Early voting in Maryland came to a conclusion Thursday, and while we won’t know how people voted during the eight-day window until after polls close Tuesday night, what we do know is that turnout was impressive in Carroll and throughout Maryland.

Approximately 14 percent, or 16,929 of the 120,916 active voters in Carroll County cast ballots early. While that was not quite as many Carroll voters who participated in early voting during the 2016 presidential election, for a midterm, when turnout is traditionally lower, it’s an impressive number.


Carroll County's early voting numbers pacing higher than last gubernatorial race, rival 2016 election turnout

As the final day of early voting approaches, Carroll County citizens have been coming out in higher numbers than in previous years.

Hopefully, those impressive numbers will continue on Tuesday, Nov. 6, when polls are open from 7 a.m. to 8 p.m.

Based on early voting results, it seems that, regardless of party, voters across the county, state and country are energized and want to ensure their voices are heard.

And they should. Voting is a right in the United States, but it is also a privilege. Even if you are disgusted by the current state of American politics, we should count our blessings that we have the ability and opportunity to choose our leaders at the ballot box. The citizens of many other countries across the globe aren’t so lucky.

Yet, every election year, tens of thousands of eligible voters in Carroll County, and millions across the nation, throw away that privilege by choosing to sit on the sidelines and not cast ballots. According to a Pew Research study released in the summer of 2016, among 35 developed countries — those with advanced economies and heavy use of technology — the United States ranks 31st. Thirty-first of 35! That’s sad.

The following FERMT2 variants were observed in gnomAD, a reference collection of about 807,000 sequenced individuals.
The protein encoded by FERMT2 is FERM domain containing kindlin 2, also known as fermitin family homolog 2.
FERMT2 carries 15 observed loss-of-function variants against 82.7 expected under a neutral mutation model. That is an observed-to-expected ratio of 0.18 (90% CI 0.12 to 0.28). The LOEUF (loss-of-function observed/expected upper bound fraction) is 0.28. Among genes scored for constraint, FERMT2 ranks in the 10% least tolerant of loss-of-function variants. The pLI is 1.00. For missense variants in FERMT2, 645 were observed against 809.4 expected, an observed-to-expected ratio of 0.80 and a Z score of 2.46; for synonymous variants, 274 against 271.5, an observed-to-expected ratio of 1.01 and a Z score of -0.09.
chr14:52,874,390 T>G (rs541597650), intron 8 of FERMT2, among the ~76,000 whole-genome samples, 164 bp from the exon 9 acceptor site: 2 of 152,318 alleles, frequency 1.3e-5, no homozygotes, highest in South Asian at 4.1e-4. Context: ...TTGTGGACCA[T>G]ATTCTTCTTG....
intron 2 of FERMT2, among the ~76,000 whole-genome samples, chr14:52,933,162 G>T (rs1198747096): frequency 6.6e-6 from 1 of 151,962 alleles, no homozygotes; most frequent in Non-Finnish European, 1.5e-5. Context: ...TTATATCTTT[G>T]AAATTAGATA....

Considering as much time as Americans spend reading, watching and talking about politics, it doesn’t seem to make sense that so many citizens choose not to vote.

Why is this the case? Some experts argue that it could be a combination of voters who feel disenfranchised by the two-party system or apathetic about politics in general; plus the frequency of elections, which can lead to fatigue. Others may not think they have enough time to get educated about the number of candidates and issues on the ballot. And certainly, quite a few think their single vote doesn’t matter.

To the last point, a Virginia race for House of Delegates in 2017 was recounted several times, once thought to have been decided by just a single vote, before the challenger conceded to the incumbent prior to another recount. That seat also determined which party held the majority in the Virginia House. So it’s not unthinkable that a single vote could be extremely significant.

Regarding getting educated on the candidates, voters have never had access to more information about political candidates right at their fingertips than they do right now. VoteSmart.org has boatloads of data on congressional candidates, including tools that can help you choose your “political soulmate” by answering a few simple questions.

For state and local races, the Baltimore Sun Media Group Election Guide is available with candidate responses to key issues in those races. Profiles of Carroll County candidates can also be located on our website carrollcountytimes.com/election, and video profiles and recordings of local candidate forums can be found at carrollmediacenter.org.

And for voters who feel disenfranchised, trust us, nothing is going to change if you sit on your couch on Election Day. You must be the change.

Please, whether Republican, Democrat or unaffiliated, get up, go to the polls and make your voice heard on Election Day, Tuesday. Vote.